How to get first party data and use it for personalization in ecommerce.

How you implement your ecommerce personalization strategy will be influenced by where your customers are in their purchasing journey.

You will want to impress first-time visitors to your ecommerce site with its ease of use, helpful product suggestions, and a frictionless checkout with a guest option if they’re not yet ready to register on your site.

In contrast, you might offer your most loyal customers an easy login feature and a personalized landing page with curated content, immediate offers, promotions, and recommendations based on their previous purchases.

Prioritizing personalization

Companies that use personalization effectively generate 40% more revenue, can reduce the cost of acquiring customers by up to 50%, and increase marketing spend efficiency by up to 30%.

In the past, you might have used aggregated third-party data that you didn’t collect directly from your customers to help improve your ecommerce personalization.

However, there’s increasing awareness and concern about the use of personal data and online businesses must comply with the General Data Protection Regulation (GDPR) and ePrivacy in the EU and UK, the California Consumer Privacy Act (CCPA) and other data protection regulations currently being developed around the world.

Firefox’s Enhanced Tracking Protection (ETP), Safari’s Intelligent Tracking Prevention (ITP) and Google’s intention to phase out third-party cookies all mean you can no longer rely on third-party tracking.

Now the emphasis is shifting to zero-party and first-party data as the basis for your personalization. You can collect data through your digital channels and, in return for added value user experiences (UX), your customers can choose whether they will allow you to collect and use data about them.

What are zero-party and first-party data?

Customers can intentionally and proactively agree to share zero-party data including preferences, purchase intentions, personal information about how they want to be contacted or recognized. You can use pop-up forms, chatbots or surveys to collect relevant data and obtain permission to use it. Innovators like My Jewellery have gone further with a style profile test to collect data using a quiz-style format that identifies their preferences.

For ecommerce businesses this is valuable because it is a strong signal of interest and the details provided are usually accurate. As long as the purpose for collecting the information is clear and it is willingly given there won’t be any concerns about compliance. However, your customers will expect improved brand experiences in exchange for the information they have shared.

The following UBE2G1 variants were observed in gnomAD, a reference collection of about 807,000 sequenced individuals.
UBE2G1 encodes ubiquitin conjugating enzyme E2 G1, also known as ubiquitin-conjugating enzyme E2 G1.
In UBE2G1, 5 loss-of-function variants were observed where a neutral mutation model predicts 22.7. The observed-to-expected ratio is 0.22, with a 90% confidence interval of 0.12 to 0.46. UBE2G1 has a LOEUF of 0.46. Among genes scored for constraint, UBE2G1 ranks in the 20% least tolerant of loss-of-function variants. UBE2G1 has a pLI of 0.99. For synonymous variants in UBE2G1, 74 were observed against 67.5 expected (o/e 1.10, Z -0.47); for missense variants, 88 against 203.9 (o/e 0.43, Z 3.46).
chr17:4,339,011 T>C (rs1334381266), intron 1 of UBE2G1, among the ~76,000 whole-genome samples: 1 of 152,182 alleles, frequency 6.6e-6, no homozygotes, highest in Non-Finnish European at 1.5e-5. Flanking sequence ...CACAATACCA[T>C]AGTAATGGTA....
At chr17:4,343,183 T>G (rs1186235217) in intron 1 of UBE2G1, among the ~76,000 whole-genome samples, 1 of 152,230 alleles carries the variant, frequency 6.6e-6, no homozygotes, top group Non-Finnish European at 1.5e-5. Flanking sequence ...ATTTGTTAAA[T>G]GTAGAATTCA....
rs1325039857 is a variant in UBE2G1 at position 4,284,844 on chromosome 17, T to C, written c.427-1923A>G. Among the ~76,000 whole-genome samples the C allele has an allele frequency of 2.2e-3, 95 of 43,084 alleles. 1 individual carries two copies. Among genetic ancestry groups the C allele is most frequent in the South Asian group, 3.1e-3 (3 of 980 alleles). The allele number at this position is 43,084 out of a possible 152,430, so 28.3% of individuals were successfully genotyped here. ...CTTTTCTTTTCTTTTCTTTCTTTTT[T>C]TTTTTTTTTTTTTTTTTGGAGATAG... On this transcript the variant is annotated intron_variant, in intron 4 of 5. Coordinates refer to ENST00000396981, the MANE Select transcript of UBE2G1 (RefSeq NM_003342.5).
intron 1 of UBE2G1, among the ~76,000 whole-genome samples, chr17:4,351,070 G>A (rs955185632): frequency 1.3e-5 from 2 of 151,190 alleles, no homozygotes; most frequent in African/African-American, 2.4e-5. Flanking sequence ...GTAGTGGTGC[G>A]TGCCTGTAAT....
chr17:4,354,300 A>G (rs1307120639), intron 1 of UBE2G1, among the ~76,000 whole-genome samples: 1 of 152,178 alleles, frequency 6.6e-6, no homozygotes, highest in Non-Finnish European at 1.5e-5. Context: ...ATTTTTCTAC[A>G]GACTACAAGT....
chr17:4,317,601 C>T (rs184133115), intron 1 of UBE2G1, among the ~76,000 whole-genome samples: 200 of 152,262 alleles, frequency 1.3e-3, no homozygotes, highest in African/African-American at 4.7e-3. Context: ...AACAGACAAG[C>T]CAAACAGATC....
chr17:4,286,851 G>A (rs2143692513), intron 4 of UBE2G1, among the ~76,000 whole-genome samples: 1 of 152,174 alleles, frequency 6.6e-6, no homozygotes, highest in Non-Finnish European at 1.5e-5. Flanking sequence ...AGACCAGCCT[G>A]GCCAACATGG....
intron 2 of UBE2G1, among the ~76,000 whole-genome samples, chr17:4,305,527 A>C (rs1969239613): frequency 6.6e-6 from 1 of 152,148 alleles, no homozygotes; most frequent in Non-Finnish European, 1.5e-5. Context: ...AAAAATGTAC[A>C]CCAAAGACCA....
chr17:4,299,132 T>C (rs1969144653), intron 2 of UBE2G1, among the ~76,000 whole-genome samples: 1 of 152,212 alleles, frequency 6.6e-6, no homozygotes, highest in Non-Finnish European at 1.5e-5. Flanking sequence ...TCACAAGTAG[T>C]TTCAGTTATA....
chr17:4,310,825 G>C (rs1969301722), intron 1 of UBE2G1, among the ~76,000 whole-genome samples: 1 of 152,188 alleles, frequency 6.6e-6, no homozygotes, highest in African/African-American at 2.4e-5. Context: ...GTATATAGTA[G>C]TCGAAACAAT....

First-party data is information you have collected directly about your customers with their permission when they interact with your own channels and sources including your mobile apps, ecommerce sites, social media, SMS, emails and customer enquiries.

It can include demographic details or purchase histories and data about interactions like browsing habits, events, or content preferences. Google and the Boston Consulting Group have found that, when used responsibly and effectively for marketing, first party data can almost treble revenue and provide significant cost savings.

It can be time-consuming to collect first-party data and build up an accurate picture of your customers. However, it will be unique to your business so it can potentially give you a competitive advantage.

Using first-party data

Real-time product recommendations can really engage your customers as soon as they arrive on a landing page. For example, Yves Rocher wanted to optimize personalized product recommendations for returning customers and first-time visitors. The company used artificial intelligence (AI) to automate individual customer journeys and improve engagement based on customer behavior data that they held combined with intelligent predictive segmentation.

It has been many years since research suggested that Facebook knew its users better than their friends. The average user’s 227 likes provide enough information for the platform to make highly accurate predictions about their personality. For businesses this level of accuracy can significantly enhance personalized customer experiences.

Collecting first-party data allows you to understand customer segments more fully so you can improve your content marketing and product offers, along with Amazon-like recommendations for ‘customers who bought this also liked X’. First party data can help with retargeting advertisements based on anonymous behavior or previous purchasing histories. Based on known customer journeys you can more effectively predict what new customers are looking for.

You can also use first party data to identify your most profitable customer types so you can prioritize those with the highest lifetime value and those most likely to be your brand ambassadors.

Start your first-party data journey

One of the biggest challenges for many organizations is maintaining a single source of truth for their data. Integrating your business systems and ecommerce channels effectively will allow you to make the best possible use of your first-party data.

Taking advantage of data collection tools like Klaviyo and powerful artificial intelligence and machine learning technology like Adobe Sensei you can rapidly build accurate customer profiles and effective new market segments to improve your personalization and marketing performance.

Working with the strong team of systems architects, consultants, business and systems analysts at Williams Commerce you can plan and achieve digital transformation and optimize your use of zero-party and first-party data.

Talk to one of our experts today.

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